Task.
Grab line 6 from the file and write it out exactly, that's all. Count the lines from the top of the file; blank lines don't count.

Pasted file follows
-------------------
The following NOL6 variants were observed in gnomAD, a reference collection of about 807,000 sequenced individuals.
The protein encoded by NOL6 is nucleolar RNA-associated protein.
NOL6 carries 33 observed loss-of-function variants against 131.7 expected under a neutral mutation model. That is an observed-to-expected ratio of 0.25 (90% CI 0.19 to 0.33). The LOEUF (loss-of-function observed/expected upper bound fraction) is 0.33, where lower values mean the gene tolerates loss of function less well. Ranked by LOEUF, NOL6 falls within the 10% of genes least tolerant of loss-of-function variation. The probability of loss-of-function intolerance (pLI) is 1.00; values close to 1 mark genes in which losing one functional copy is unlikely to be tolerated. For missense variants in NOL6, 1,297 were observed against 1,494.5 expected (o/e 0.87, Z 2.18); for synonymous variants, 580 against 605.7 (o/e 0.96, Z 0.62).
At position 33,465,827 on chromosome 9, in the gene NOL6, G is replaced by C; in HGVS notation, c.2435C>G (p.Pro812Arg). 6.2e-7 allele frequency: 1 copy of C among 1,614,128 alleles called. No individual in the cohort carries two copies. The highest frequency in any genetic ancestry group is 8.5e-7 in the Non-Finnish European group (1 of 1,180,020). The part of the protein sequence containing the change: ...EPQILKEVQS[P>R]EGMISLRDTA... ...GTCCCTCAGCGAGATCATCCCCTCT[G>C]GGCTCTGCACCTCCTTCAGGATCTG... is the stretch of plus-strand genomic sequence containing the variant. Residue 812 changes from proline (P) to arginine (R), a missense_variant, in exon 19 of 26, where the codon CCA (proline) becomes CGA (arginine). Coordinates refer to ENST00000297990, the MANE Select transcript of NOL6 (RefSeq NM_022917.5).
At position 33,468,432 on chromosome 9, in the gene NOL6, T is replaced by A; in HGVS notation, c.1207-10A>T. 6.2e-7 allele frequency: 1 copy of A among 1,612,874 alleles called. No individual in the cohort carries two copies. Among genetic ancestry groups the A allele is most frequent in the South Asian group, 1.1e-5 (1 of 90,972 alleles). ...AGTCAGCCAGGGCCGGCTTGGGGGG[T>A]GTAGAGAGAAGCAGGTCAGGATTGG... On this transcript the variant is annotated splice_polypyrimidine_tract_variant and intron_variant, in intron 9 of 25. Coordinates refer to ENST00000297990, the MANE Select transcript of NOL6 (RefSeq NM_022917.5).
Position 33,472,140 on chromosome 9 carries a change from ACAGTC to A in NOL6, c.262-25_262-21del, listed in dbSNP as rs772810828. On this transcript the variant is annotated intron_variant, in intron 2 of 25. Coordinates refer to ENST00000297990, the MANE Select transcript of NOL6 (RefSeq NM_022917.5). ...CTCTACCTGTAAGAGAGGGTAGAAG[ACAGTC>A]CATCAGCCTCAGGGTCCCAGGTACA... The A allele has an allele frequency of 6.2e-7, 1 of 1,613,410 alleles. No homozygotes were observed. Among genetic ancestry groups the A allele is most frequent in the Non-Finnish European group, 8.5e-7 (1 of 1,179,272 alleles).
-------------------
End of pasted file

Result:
Position 33,472,140 on chromosome 9 carries a change from ACAGTC to A in NOL6, c.262-25_262-21del, listed in dbSNP as rs772810828. On this transcript the variant is annotated intron_variant, in intron 2 of 25. Coordinates refer to ENST00000297990, the MANE Select transcript of NOL6 (RefSeq NM_022917.5). ...CTCTACCTGTAAGAGAGGGTAGAAG[ACAGTC>A]CATCAGCCTCAGGGTCCCAGGTACA... The A allele has an allele frequency of 6.2e-7, 1 of 1,613,410 alleles. No homozygotes were observed. Among genetic ancestry groups the A allele is most frequent in the Non-Finnish European group, 8.5e-7 (1 of 1,179,272 alleles).